Lasers are used in a variety of ways today, most commonly for entertainment; they pump up a party and add energy to concerts. Even the little hand held laser pointers have an instant fun quality that just can't be explained. Maybe it is the way the light cuts through the darkness or the way it seems to go on forever. Maybe it's because that little light never seems to stop moving no matter how hard you try. Whatever the reason, it's just plain fun and unlike what has been said about them for years laser pointers are relatively harmless even if you do shine it in someones eyes. According to Scientific American, most laser pointers aren't strong enough to cause retinal damage. Now you still shouldn't do it and is still extremely obnoxious when it is done to you but it is not illegal and won't hurt you. However, not all the stories you heard about laser pointers were a lie. In fact, if you heard that you can't point a laser at at a plane that's true. Pointing a laser at a plane or helicopter is called a laser strike and can be very dangerous for pilots. Under A.R.S. 13-1213 it is illegal and can be a class one misdemeanor or an assault. So, have fun but be mindful next time you point your laser in the sky and keep it away from flying aircraft.      
Thursday, 24 October 2019 10:15


If you were lucky enough to see Lizzo last night at the Van Buren than you got to hear her Billboard chart topper "Truth Hurts". Lizzo's song has been number one on Billboard's Hot 100 meaning everyone has heard it; including three men who claim that they deserve some of the royalties for its signature line "I just took a DNA test...". Melissa Jefferson, better known as Lizzo, isn't standing for it and is asking the United States District Court in Los Angeles for a declaratory judgment. A declaratory judgment is a statement by the court defining the legal relationship of the parties, and is often the first step towards a lawsuit. In this case Lizzo is asking, "the Court to rule that they have no right to co-own the work or share in its profits." Now it is up to the Court to decide. Lizzo has stated that she was inspired by a meme that was rooted in a tweet from Mina Lioness, and has now agreed to give Lioness credit and a share of the songs royalties. Why would she do that? Find out by reading "Copyright".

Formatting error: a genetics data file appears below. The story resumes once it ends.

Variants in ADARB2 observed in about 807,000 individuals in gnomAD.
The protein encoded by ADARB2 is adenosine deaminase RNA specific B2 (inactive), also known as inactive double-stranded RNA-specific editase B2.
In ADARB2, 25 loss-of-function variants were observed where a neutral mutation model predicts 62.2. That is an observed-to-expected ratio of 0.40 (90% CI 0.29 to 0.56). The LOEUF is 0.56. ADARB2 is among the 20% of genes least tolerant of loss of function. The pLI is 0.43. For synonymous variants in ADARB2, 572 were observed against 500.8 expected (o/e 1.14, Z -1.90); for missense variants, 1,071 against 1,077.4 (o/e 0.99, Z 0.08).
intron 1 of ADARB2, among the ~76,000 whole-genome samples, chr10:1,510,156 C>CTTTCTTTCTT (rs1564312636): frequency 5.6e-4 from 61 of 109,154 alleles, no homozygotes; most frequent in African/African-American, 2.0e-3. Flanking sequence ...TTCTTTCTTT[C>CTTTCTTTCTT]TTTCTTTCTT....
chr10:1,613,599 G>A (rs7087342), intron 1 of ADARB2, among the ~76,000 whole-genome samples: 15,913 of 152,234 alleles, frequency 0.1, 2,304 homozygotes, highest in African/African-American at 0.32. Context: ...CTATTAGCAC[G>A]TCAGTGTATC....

Friday, 18 October 2019 10:16